On Wednesday, October 19, guidance counselor Jennifer Psaradelis, assistant principal John Lucchini, art teacher Kate Merlini, and administrative assistant Stacy Fusaro, took 80 students to the Barnstable High School Field House to attend the 52nd annual All Cape College Day Fair. This fair, specifically designed for schools in the Cape and Islands area of Massachusetts, was an opportunity for high school juniors and seniors in the area to start thinking about college options, and talk to admissions representatives and alumni of various colleges. Psaradelis shares her opinion of it, saying, “I think the college fair is beneficial for students because any opportunity that our students have, especially on Nantucket where we’re a little isolated, to get their face and name in front of an admissions counselor is an amazing opportunity.”
Psaradelis finds that this makes the college process more available to students, especially for students who do not have the opportunity to travel and visit colleges. Even students who do travel find this helpful because it gives them a chance to remind the admissions officer of their interest, and open their eyes to colleges they might not have considered without the access to a wide variety of options. There are many other fairs in other regions of the country, but this is the closest one. Students also have the chance to stand out to the admissions officer. Since applications look very similar, students have the opportunity to match a face with their application, so they will stand out once the time comes to determine their admittance. Psaradelis hopes students will use this opportunity to “ask important questions so they can make informed decisions about which school is the best fit for them.”
Located in a gymnasium, 175 colleges were set up in alphabetical rows, each with a banner draped over their part of the table, as well as a pole holding up a paper with the name of the college attached. Despite the large number of universities present, the setup made navigation surprisingly easy. The most common complaint was that some of the rows were too close together, making it difficult to walk around other students, and even some of their parents. Along the back wall were military services grouped together, as well as a few more colleges. The colleges ranged from business schools, to law schools, liberal arts schools, and state schools.
Nantucket High School students travelled on the Hy-Line, and took two school buses split up alphabetically, spending a half hour at the Cape Cod Mall, before attending the college fair from 3:30-4:45, which reportedly allowed for a perfect amount of time to meet representatives of each student's’ top choice school. The fair went on until 5:30, but Nantucket students left early, enabling them to grab dinner and shop at the mall. The students returned to Nantucket on the seven o’clock Hy-Line and arrived on Nantucket at 8pm. Psaradelis spoke to the judgement to leave early, that was made by the chaperones: “ we have been doing this many years and we find that kids don’t need much more time than what we offer. We try to have kids be prepared and have kids pick the colleges that they’re going to seek out, maybe colleges that they haven’t heard of before or they didn’t think of but usually the time that we provide is enough time.” While the majority of students were fine leaving early due to fatigue, some did complain of feeling rushed.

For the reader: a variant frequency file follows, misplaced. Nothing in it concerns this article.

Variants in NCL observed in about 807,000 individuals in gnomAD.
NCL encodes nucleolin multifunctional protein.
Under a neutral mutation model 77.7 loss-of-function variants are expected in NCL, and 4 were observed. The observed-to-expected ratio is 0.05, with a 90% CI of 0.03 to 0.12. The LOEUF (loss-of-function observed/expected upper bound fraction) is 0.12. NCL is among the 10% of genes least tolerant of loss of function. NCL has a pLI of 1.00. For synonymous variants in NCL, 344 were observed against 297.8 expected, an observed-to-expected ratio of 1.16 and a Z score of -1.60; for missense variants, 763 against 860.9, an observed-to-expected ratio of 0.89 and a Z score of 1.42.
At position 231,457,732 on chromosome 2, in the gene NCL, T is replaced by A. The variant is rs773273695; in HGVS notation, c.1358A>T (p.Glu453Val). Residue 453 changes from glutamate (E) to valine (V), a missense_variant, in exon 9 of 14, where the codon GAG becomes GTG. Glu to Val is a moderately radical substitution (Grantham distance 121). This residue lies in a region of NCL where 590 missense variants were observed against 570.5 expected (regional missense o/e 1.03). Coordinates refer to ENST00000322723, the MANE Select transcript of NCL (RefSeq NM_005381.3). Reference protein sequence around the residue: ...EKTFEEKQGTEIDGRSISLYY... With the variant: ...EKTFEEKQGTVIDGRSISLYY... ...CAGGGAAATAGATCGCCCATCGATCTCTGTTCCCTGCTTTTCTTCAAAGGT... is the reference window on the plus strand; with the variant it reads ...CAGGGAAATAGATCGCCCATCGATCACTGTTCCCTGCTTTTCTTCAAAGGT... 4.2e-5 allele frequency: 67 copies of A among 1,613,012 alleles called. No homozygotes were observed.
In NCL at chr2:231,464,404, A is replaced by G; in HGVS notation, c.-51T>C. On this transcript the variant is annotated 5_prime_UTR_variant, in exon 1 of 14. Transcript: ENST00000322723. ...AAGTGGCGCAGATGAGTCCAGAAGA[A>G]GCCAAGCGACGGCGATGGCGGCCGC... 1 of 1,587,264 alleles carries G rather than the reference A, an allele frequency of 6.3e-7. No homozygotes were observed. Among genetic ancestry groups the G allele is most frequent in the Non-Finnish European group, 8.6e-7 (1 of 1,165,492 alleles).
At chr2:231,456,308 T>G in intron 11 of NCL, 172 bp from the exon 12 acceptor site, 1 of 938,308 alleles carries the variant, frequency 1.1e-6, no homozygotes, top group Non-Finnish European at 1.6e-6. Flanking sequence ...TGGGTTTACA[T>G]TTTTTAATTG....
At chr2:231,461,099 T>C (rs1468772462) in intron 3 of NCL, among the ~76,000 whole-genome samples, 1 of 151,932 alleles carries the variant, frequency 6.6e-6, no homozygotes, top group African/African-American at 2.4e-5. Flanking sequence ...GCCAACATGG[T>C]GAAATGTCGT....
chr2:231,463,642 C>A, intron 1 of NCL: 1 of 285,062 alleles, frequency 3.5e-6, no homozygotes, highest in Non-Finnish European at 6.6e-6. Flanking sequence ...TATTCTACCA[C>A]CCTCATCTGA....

Overall, the experience had its positives and negatives. The opportunity was pleasant, being located on a half-day so as not to miss school work. Students travelled with their friends, and the trip provided them with a chance to go shopping as well as enjoy the rare opportunity that Nantucketers have to gobble down fast food. As for the college fair, the representatives were overall informed on the generic information, handing out brochures and pamphlets about the school, as well as giving students the option to sign up for receiving news from colleges by way of email or phone number. Junior Karen Murtagh stated that, “it was a fun time and I enjoyed going off island to learn about colleges. I definitely thought it was worth the time.”
However, the experience did have its downsides. Many students complained of feeling rushed to ask more detailed questions to the representatives, and there was an overall feeling of fatigue after walking through a boiling hot gymnasium. Junior Emily Kitsock commented saying, “It was ok. It was really hard because there was so many people.”
Even the representatives of the colleges proved to be tired and hot near the end of the fair, making it difficult to feel enthusiastic towards a school when the person “winning over” the students isn’t even enthusiastic.
Junior Mei Marks made the point that, “everyone is trying to ‘sell’ their schools, and they end up sounding alike.” Furthermore, if a student had a specific question about an aspect of the school such as different music classes or the photography opportunities, the answer was not always available, as some of the representatives were not prepared for such questions, especially when that representative was alumni simply “filling in” for the admissions officer who could not attend.
Although there were negative aspects to the trip, students reported to feeling prepared for the college application process after attending the Fair. By taking the time to research colleges and what they were looking for in their school, they felt more encouraged to work harder in school, and less fearful about their futures. The guidance counselors also welcome feedback on the experience to make the college fair as helpful as possible in the coming years.